Does the concept of “common but differentiated responsibilities” (CBDR) exist in any other multilateral regime, especially UN treaties? How is it expressed? Is it linked to any kind of dynamic system in the regime whereby one country can graduate from one set of obligations to another? Are the group of countries included in Annex I (and, by the by, Annex II) of the UNFCCC recognized as a grouping in any other multilateral framework, especially UN treaties?
This principle is set out in Principle 7 of the 1992 Rio Declaration which provides: “States shall cooperate in a spirit of global partnership to conserve, protect and restore the health and integrity of the Earth’s ecosystem. In view of the different contributions to global environmental degradation, States have common but differentiated responsibilities. The developed countries acknowledge the responsibility that they bear in the international pursuit to sustainable development in view of the pressures their societies place on the global environment and of the technologies and financial resources they command. “
Sands discusses the emergence of the principle from the two strands of common responsibility and differentiated responsibility (see Principles of International Environmental Law Second Edition, Cambridge pp286-289):
Many environmental treaties including the UNFCCC and the CBD refer to environmental matters as of ‘common concern’. Sands notes that the legal interest reflected in this terminology includes a legal responsibility to prevent damage to it.
In relation to ‘differentiated responsibility’, Sands refers to the 1972 Stockholm Declaration and to a number of treaties including: the 1972 London Convention-measures required to be adopted by parties ‘according to their scientific, technical and economic capabilities’ (Art 11); the 1982 UNCLOS agreement refers to the need to take account of states’ ‘economic capacity’ and the ‘need for economic development’ (Article 207) and the 1985 Vienna Convention which refers to ‘the means at their disposal and their capabilities’ (Article 2(2). There are also references to the special needs of developing countries in a number of instruments including the 1976 Barcelona Convention and Article 20(4) of the CBD, as well as the UNFCCC.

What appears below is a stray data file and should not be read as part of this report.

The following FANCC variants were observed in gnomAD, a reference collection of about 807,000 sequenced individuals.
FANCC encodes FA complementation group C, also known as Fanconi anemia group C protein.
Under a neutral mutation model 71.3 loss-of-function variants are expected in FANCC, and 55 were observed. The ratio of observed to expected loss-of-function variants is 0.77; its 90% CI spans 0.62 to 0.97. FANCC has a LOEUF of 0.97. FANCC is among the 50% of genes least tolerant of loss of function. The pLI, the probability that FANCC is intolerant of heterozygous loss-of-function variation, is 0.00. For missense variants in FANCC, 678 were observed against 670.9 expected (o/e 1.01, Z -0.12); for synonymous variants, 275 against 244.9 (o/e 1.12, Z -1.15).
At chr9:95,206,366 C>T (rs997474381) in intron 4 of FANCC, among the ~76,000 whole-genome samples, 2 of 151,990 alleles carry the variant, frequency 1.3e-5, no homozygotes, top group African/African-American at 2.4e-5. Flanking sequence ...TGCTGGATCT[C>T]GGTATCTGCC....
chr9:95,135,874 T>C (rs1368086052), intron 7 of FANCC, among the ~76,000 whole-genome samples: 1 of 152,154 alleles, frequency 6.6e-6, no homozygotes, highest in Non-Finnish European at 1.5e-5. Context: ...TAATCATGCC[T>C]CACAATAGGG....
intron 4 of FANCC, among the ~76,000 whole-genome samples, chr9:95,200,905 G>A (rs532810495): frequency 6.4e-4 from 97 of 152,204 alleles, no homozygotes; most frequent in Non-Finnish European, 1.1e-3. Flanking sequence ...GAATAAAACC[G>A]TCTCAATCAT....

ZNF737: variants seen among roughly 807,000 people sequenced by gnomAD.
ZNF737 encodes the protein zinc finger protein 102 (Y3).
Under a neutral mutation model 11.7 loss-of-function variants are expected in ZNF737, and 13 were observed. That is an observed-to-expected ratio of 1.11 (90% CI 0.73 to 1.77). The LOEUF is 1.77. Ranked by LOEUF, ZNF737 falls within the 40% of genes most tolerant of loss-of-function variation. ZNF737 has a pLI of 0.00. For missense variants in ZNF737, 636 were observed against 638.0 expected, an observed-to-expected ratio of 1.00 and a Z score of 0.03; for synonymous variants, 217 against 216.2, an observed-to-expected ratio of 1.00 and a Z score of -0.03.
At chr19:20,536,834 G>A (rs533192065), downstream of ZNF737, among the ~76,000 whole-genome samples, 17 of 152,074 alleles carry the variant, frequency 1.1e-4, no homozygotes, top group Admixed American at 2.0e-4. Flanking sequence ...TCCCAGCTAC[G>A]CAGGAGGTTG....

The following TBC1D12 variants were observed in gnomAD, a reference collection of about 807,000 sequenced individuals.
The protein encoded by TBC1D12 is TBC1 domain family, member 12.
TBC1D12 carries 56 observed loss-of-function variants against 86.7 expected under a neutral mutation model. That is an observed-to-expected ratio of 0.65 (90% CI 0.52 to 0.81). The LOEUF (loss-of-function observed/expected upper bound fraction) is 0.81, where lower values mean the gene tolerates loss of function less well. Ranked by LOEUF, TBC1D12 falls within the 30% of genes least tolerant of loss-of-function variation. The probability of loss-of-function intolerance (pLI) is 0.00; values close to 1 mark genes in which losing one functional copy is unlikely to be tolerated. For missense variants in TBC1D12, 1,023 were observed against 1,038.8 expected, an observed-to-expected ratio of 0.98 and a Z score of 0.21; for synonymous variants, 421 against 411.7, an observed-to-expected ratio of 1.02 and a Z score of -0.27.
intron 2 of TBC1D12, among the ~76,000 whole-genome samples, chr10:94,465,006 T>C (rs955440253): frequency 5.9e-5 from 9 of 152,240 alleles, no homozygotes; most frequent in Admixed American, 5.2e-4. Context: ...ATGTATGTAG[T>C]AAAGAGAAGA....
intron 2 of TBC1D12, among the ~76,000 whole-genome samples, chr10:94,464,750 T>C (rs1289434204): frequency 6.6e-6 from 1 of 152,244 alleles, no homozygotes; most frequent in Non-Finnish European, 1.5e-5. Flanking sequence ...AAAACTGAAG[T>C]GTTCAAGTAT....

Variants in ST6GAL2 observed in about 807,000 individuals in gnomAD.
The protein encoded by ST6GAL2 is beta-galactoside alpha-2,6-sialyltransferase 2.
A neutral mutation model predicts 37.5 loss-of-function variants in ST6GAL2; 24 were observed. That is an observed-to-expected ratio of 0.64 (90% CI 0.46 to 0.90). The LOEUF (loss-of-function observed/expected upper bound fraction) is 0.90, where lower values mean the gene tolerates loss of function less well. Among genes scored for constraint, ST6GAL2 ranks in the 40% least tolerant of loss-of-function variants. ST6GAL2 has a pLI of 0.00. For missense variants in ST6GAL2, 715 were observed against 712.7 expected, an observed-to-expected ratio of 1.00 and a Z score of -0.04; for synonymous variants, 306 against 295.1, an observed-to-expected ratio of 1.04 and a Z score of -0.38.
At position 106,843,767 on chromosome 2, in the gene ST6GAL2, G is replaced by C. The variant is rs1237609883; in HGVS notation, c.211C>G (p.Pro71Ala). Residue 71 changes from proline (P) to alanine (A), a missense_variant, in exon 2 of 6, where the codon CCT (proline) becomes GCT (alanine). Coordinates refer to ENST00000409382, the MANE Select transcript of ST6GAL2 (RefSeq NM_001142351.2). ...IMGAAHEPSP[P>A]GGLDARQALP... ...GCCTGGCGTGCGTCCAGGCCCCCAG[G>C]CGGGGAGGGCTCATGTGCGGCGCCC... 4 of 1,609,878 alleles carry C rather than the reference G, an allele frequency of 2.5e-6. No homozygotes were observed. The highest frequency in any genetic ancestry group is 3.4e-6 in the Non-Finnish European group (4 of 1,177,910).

In the CBD for example, Article 20 addresses financial resources and Article 20(4) provides: “The extent to which developing country Parties will effectively implement their commitments under this Convention will depend on the effective implementation by developed country Parties of their commitments under this Convention related to financial resources and transfer of technology and will take fully into account the fact that economic and social development and eradication of poverty are the first and overriding priorities of the developing country Parties.”
The Convention does not elaborate a mechanism for a state to move from one category to another ie ‘developing’ to ‘developed’. In practice, becoming a member of the OECD may be considered to affect status but as I understand it this is a political rather than a legal issue.
In the Basel Convention on the transboundary movement of hazardous and other wastes, an amendment has been adopted (known as the 1995 Ban amendment, Decision III/I, not yet in force) by which a distinction is drawn between countries listed in a new Annex VII (essentially EU and OECD countries) and countries not listed in Annex VII (essentially non-EU/OECD countries) in order to effect an export ban on waste being shipped from Annex VII to non-Annex VII states. so that being listed or not in Annex VII becomes the defining characteristic for treaty obligations.
I am not aware of any regime which elaborates a specific mechanism for countries to move from one ‘development’ category to another. The simpler and more commonly used approach is to use the mechanism whereby Parties’ obligations are determined by listed (or not) in an Annex. This means that a decision by the Parties to amend the annex, to move a Party on or off the relevant list, by the usual amendment procedures can change the obligations of a state or a number of states.
International institutions such as the World Bank and IMF operate their own criteria for differentiating between countries on the basis of socio-economic criteria but most MEAs appears to use the terms ‘developing’ and ‘developed’ without further elaboration.